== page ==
My mum used to make the best pizza. She’s from Napoli so that’s not surprising. About once a week, she’d roll out a large tray of dough, top it with a light dusting of sauce and ham and mozzarella. I’ve never had pizza that good. My mum doesn’t make pizza anymore and I don’t eat pizza anymore but I do like to make it for my family. Here’s a recipe I found years ago and use when I have time to make my own dough. It’s similar to the pizza I used to help my mum make with the addition of precise measurements (my mum used to eyeball it).
4 1/2 cups unbleached all-purpose flour, chilled
1 3/4 teaspoons salt
1 teaspoon instant yeast
1/4 cup olive oil
1 3/4 cups water, ice cold
Stir together the flour, salt, and instant yeast in the bowl of an electric mixer. Using the paddle attachment, stir in the oil and the cold water until the flour is all absorbed. Switch to the dough hook and mix on medium speed until smooth and sticky (about 5 to 7 minutes). The finished dough will be springy, elastic, and slightly sticky.
Sprinkle flour on the counter and transfer the dough to the counter. Prepare a sheet pan by lightly oiling. Using a metal dough scraper, cut the dough into 6 equal pieces (or larger if you are comfortable shaping large pizzas). Sprinkle flour over the dough. Make sure your hands are dry and then flour them. Lift each piece and gently round it into a ball. If the dough sticks to your hands, dip your hands into flour again. Transfer the dough balls to the sheet pan, Mist the dough generously with spray oil and slip the pan into a food-grade plastic bag.
Put the pan into the refrigerator overnight to rest the dough. The dough will keep for up to 3 days. If you want to save some of the dough for future baking (we are making enough for six pizzas) you can store the dough balls in a zippered freezer bag. Before freezing, dip each dough ball into a bowl that has a few tablespoons of oil in it, rolling the dough in the oil, and then put each ball into a separate bag. You can store in the freezer for up to 3 months. Transfer them to the refrigerator the day before you plan to make pizza.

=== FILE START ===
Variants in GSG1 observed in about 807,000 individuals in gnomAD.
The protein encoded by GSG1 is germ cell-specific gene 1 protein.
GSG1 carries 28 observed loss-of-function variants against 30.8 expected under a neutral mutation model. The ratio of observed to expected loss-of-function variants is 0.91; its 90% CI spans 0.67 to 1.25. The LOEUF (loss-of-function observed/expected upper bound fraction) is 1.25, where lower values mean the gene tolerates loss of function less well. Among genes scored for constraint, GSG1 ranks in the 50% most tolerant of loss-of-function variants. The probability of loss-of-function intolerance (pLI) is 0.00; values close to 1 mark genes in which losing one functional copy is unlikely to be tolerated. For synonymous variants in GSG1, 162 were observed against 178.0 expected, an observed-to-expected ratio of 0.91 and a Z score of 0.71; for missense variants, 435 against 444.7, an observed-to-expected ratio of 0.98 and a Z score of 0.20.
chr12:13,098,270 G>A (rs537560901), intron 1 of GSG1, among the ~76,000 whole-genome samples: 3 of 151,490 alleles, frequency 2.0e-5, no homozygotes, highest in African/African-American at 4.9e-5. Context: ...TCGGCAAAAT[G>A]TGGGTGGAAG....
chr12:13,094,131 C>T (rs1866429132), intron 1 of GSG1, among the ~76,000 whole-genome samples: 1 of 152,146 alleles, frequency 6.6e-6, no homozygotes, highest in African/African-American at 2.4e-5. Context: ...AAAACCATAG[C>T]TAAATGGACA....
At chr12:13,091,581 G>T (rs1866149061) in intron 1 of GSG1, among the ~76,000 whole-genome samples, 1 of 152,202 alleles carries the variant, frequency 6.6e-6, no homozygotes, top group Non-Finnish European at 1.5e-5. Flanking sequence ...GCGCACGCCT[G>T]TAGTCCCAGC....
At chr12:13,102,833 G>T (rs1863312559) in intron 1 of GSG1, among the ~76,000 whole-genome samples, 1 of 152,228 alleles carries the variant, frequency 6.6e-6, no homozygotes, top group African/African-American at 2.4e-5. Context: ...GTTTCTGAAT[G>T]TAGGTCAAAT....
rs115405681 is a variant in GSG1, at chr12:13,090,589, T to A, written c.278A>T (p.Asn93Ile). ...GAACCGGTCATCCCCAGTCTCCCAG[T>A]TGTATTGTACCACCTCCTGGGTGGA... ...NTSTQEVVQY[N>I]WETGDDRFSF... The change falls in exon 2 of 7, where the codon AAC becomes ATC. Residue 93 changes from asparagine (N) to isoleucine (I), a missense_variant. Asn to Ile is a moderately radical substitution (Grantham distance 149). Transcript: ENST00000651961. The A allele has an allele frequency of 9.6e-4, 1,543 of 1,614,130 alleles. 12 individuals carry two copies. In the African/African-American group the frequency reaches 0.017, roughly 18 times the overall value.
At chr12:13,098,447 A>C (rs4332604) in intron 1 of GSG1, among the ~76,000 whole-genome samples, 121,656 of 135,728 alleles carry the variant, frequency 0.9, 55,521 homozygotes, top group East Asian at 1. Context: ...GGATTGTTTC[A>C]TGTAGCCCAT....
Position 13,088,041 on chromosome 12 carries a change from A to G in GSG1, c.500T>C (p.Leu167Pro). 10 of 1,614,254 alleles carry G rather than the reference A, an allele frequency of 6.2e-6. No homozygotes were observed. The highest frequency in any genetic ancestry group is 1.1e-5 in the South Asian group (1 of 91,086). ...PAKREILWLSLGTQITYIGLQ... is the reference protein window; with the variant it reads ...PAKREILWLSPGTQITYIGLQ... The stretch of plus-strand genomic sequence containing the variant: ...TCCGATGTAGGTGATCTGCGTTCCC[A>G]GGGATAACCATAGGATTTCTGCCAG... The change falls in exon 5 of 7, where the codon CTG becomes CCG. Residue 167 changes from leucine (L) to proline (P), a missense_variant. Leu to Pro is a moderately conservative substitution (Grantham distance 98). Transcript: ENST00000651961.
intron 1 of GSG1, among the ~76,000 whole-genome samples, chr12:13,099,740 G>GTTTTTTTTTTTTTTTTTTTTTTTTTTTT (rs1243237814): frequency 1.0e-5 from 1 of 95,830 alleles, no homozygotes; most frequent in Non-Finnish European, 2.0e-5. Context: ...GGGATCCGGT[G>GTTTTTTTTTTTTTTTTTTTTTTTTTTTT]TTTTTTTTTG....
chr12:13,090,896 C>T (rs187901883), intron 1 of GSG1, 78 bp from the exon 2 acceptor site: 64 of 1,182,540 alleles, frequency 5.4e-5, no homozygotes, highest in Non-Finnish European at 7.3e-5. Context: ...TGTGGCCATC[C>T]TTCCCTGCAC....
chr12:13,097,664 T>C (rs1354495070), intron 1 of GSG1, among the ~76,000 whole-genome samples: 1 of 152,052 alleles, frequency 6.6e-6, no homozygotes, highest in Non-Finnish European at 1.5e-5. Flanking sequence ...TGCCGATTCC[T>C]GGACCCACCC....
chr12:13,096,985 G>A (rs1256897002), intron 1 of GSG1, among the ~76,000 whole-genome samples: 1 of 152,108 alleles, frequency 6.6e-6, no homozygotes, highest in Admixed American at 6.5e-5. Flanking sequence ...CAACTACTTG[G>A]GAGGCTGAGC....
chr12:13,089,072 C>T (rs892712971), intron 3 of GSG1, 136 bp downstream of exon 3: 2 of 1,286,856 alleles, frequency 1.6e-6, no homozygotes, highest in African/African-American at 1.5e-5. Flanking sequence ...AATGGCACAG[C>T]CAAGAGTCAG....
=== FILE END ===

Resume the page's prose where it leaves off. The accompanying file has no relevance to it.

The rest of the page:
When you’re ready to make the pizza, remove the desired number of dough balls from the refrigerator 2 hours before making the pizza. Let the dough rest at room temperature for 2 hours, then dust the counter with flour. Place the dough ball(s) on top of the floured counter and sprinkle them with flour; dust your hands with flour. Gently press the dough into flat disks about 1/2 inch thick and 5 inches in diameter. Sprinkle the dough with flour, mist it with spray oil, and cover the dough loosely with plastic wrap. Now let rest for 2 hours. We let it rest so the gluten can relax and is easier to shape.
Preheat oven to 500F. Generously dust a pizza stone or a sheet pan with semolina flour or cornmeal. Make the pizzas one at a time. Dip your hands, including the backs of your hands and knuckles, in flour and lift I piece of dough by getting under it. Very gently lay the dough across your fists and carefully stretch it by bouncing the dough in a circular motion on your hands, carefully giving it a little stretch with each bounce. This is tricky and takes some practice. Don’t get discouraged. If you need to resort to a rolling pin, feel free to do so. If tossing and the dough begins to stick to your hands, lay it down on the floured counter and reflour your hands, then continue shaping it. Once the dough has expanded outward, move to a full toss. If you have trouble tossing the dough, or if the dough keeps springing back, let it rest for 5 to 20 minutes so the gluten can relax, and try again. You can also resort to using a rolling pin, though this isn’t as effective as the toss method.
When the dough is stretched to 9 to 12 inches in diameter, lay it on the stone or pan, making sure there is enough semolina flour or cornmeal to allow it to slide. Lightly top it with sauce and then with your other toppings, remembering that the best pizzas are topped with a less-is-more philosophy. My mum would use only sauce, ham and mozzarella. The more toppings you put on the pizza, the harder it is for the crust to cook. Usually no more than 3 or 4 toppings, including sauce and cheese is sufficient.
Slide the topped pizza into the middle rack of your oven and close the door. Wait 2 minutes, then take a peek. If it needs to be rotated 180 degrees for even baking, do so. The pizza should take about 5 to 8 minutes to bake. You can also cook it at a lower temperature of 400F. The pizza should take about 20 minutes to cook. If the top gets done before the bottom, you will need to move you rack to a lower shelf before the next pizza. if the bottom crisps before the cheese caramelizes, then you will need to raise the to a higher shelf for subsequent bakes. Every oven is different so be sure to experiment until you find the right setting for you.
Remove the pizza from the oven and transfer to a cutting board. Wait 3 to 5 minutes before slicing and serving, to allow the cheese to set slightly.